World Bank Signs $18m Grant to Crowd-in Forest Action in Ethiopia
The World Bank has signed a new grant agreement with the Government of Ethiopia to improve the enabling environment for sustainable forest management, investments, and emissions reductions in the state of Oromia. The $18 million grant, provided by the World Bank’s BioCarbon Fund (Initiative for Sustainable Forest Landscapes), will support the government’s new Oromia Forested Landscape Program (OFLP). This program would be the first operation financed by the Bank to target greenhouse gas emissions from a landscape perspective across an entire jurisdiction.
This grant will support community-centered activities that reduce deforestation and land-use based emissions, as well as enhance forest carbon stocks in deforestation hotspots in selected sites in 49 districts of Oromia. It will set the stage for improving land use management in the rest of the state.
This preliminary work is expected to unlock a BioCarbon Fund commitment to purchase up to 10 million tons of carbon dioxide emission reductions expected to be achieved through this grant. The purchase agreement would become effective in 2018, for the next 10 years, based on verifiable results in slowing state-wide deforestation.
“Communities are at the heart of the forest resources in the Oromia National Regional State and this grant will enable them to benefit from restoring and maintaining forests that are key to their lives,” said Admasu Nebebe, State Minister for Ministry of Finance and Economic Cooperation. “At the national level, we hope this innovative approach will serve as a model for scaling up action on forests for poverty reduction, improved livelihoods, better water security, and climate change mitigation.‘’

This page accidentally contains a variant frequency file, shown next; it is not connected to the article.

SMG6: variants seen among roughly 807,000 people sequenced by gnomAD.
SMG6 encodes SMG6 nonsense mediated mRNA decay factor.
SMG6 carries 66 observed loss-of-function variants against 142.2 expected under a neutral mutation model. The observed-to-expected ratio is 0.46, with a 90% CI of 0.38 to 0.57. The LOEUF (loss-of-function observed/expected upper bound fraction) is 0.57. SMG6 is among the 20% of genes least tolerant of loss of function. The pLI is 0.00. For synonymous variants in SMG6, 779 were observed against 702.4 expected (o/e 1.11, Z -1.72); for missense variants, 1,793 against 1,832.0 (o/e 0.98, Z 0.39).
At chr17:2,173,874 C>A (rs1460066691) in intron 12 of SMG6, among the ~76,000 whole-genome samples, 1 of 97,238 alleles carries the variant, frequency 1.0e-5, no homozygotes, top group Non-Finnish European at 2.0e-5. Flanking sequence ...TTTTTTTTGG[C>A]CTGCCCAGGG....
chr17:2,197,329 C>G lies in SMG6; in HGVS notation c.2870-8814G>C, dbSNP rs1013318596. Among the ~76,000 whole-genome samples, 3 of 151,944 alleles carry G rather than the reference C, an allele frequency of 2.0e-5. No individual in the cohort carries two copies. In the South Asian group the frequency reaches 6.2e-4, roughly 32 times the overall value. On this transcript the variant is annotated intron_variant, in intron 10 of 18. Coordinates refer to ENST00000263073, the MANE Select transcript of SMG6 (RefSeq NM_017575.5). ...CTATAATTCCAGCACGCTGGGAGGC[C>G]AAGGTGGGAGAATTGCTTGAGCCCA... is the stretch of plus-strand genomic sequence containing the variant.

Oromia state is roughly the size of Italy and home to 30 million people. “Oromia’s rich forested landscapes are not only critical for livelihoods and climate mitigating effects, but are vital for water security throughout Ethiopia and in the Horn of Africa region due to their water provisioning and filtering services,” said Magda Lovei, Practice Manager for Environment Group at the World Bank. To ensure sustainable management of these forests, the government of Ethiopia initiated the OFLP, financed by multiple sources and instruments.
“The World Bank is pleased to partner with the Government of Ethiopia on an initiative that considers forests to be an important driver of development. We hope this is just the start of a platform that crowds-in investment from various actors to benefit those who live in rich forests, but often are the poorest,’’ said Carolyn Turk, World Bank Country Director, Ethiopia.
The grant will support participatory forest management and reforestation investments in deforestation hotspots, coupled with improvements to the institutional systems state-wide that underpin truly large-scale investments and emissions reduction purchases. These systems include a benefits sharing mechanism, emissions monitoring, and an investment coordination platform to align various initiatives on the ground to increase the likelihood of achieving the country’s forest cover targets.
The OLFP is fully aligned with Ethiopia’s Second Growth and Transformation Plan and Climate Resilient Green Economy Strategy that aim to reduce poverty while transforming the way rural landscapes are managed. These national plans include ambitious targets to add 5 million hectares of additional forest cover by 2020 and restore 22 million hectares of degraded landscapes by 2030.